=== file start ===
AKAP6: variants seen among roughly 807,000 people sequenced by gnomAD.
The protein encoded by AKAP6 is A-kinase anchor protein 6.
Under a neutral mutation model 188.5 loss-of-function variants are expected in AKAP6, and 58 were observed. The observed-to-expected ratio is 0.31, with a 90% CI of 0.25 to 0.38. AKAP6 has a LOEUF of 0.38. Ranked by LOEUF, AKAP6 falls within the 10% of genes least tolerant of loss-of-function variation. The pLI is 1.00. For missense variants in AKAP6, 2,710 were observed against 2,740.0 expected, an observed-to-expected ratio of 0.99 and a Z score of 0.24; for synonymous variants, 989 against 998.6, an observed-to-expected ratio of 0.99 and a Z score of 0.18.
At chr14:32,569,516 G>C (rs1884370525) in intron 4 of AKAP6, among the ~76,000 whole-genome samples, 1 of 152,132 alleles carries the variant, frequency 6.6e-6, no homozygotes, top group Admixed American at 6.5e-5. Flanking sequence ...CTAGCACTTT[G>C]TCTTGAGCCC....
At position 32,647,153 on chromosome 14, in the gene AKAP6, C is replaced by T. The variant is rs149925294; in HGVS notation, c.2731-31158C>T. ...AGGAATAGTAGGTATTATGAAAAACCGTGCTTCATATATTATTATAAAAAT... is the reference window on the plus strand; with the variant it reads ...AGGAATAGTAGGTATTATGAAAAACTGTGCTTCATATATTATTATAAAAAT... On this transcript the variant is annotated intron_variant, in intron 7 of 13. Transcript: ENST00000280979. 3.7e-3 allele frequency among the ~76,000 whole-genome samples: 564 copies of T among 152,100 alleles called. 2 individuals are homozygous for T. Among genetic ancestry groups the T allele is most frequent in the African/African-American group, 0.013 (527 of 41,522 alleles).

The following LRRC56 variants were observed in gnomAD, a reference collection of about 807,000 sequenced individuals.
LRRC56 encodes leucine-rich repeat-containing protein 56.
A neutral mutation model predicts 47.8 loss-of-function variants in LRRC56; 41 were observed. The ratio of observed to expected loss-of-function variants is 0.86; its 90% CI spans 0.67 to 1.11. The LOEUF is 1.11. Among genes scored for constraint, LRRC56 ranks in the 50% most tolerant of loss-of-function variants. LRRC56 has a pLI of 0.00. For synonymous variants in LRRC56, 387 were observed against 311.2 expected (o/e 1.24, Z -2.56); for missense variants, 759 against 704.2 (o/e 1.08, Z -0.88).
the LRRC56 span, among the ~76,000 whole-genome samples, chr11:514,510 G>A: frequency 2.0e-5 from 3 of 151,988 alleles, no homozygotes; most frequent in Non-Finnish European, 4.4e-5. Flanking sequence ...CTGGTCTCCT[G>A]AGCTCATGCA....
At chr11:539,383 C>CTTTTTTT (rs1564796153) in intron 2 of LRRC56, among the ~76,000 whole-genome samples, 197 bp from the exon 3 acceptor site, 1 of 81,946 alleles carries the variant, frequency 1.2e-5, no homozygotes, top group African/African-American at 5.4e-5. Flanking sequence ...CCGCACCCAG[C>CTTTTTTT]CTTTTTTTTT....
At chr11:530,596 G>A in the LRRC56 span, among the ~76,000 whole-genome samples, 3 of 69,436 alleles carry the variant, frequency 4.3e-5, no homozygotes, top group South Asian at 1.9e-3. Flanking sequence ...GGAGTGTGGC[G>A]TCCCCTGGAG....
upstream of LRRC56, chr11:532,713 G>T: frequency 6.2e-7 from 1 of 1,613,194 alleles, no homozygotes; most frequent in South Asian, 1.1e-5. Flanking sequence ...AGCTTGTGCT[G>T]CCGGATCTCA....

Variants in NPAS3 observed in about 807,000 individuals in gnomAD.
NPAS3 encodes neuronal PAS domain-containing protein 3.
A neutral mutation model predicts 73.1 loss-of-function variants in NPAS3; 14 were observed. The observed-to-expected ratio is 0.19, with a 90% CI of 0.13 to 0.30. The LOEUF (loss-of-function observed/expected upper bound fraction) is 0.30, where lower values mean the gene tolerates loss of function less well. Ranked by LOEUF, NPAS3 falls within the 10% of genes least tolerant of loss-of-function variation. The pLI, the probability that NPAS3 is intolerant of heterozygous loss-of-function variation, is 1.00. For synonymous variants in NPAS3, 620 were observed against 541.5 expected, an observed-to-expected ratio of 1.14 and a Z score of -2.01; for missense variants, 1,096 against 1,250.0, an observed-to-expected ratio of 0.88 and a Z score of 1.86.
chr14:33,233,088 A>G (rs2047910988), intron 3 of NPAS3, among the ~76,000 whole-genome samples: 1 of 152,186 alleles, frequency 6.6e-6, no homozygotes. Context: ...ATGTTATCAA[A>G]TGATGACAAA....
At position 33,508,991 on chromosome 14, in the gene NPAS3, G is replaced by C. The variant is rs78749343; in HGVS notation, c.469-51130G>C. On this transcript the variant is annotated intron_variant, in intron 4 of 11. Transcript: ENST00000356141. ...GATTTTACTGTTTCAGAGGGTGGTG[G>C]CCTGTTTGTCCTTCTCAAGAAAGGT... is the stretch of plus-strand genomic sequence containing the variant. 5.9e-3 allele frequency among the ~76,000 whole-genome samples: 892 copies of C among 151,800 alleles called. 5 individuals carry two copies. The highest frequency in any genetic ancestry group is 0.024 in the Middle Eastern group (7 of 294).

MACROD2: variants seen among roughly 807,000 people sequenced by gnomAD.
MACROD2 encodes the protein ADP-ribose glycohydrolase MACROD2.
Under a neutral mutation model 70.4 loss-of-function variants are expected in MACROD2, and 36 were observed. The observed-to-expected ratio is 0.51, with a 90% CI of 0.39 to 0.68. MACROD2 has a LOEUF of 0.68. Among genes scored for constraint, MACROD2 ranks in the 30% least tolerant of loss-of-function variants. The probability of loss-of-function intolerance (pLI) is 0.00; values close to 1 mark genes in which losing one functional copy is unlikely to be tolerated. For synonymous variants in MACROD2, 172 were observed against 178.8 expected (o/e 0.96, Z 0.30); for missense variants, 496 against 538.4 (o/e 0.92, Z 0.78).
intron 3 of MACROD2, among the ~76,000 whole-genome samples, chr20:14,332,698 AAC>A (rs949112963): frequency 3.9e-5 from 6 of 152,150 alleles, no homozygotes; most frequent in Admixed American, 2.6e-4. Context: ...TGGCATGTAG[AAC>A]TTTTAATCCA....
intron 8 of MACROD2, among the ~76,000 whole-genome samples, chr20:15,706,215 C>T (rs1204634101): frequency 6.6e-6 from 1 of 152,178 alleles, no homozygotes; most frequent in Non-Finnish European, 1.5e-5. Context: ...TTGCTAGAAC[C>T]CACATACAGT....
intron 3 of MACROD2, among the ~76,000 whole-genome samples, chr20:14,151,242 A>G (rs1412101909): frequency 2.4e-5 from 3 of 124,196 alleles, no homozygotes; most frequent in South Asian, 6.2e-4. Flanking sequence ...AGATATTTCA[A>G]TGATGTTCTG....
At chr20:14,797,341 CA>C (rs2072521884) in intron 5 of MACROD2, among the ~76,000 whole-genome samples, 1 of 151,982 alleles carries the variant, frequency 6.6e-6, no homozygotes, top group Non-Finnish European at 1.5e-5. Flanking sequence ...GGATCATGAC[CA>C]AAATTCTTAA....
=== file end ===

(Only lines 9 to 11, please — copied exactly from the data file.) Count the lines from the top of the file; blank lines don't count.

the LRRC56 span, among the ~76,000 whole-genome samples, chr11:514,510 G>A: frequency 2.0e-5 from 3 of 151,988 alleles, no homozygotes; most frequent in Non-Finnish European, 4.4e-5. Flanking sequence ...CTGGTCTCCT[G>A]AGCTCATGCA....
At chr11:539,383 C>CTTTTTTT (rs1564796153) in intron 2 of LRRC56, among the ~76,000 whole-genome samples, 197 bp from the exon 3 acceptor site, 1 of 81,946 alleles carries the variant, frequency 1.2e-5, no homozygotes, top group African/African-American at 5.4e-5. Flanking sequence ...CCGCACCCAG[C>CTTTTTTT]CTTTTTTTTT....
At chr11:530,596 G>A in the LRRC56 span, among the ~76,000 whole-genome samples, 3 of 69,436 alleles carry the variant, frequency 4.3e-5, no homozygotes, top group South Asian at 1.9e-3. Flanking sequence ...GGAGTGTGGC[G>A]TCCCCTGGAG....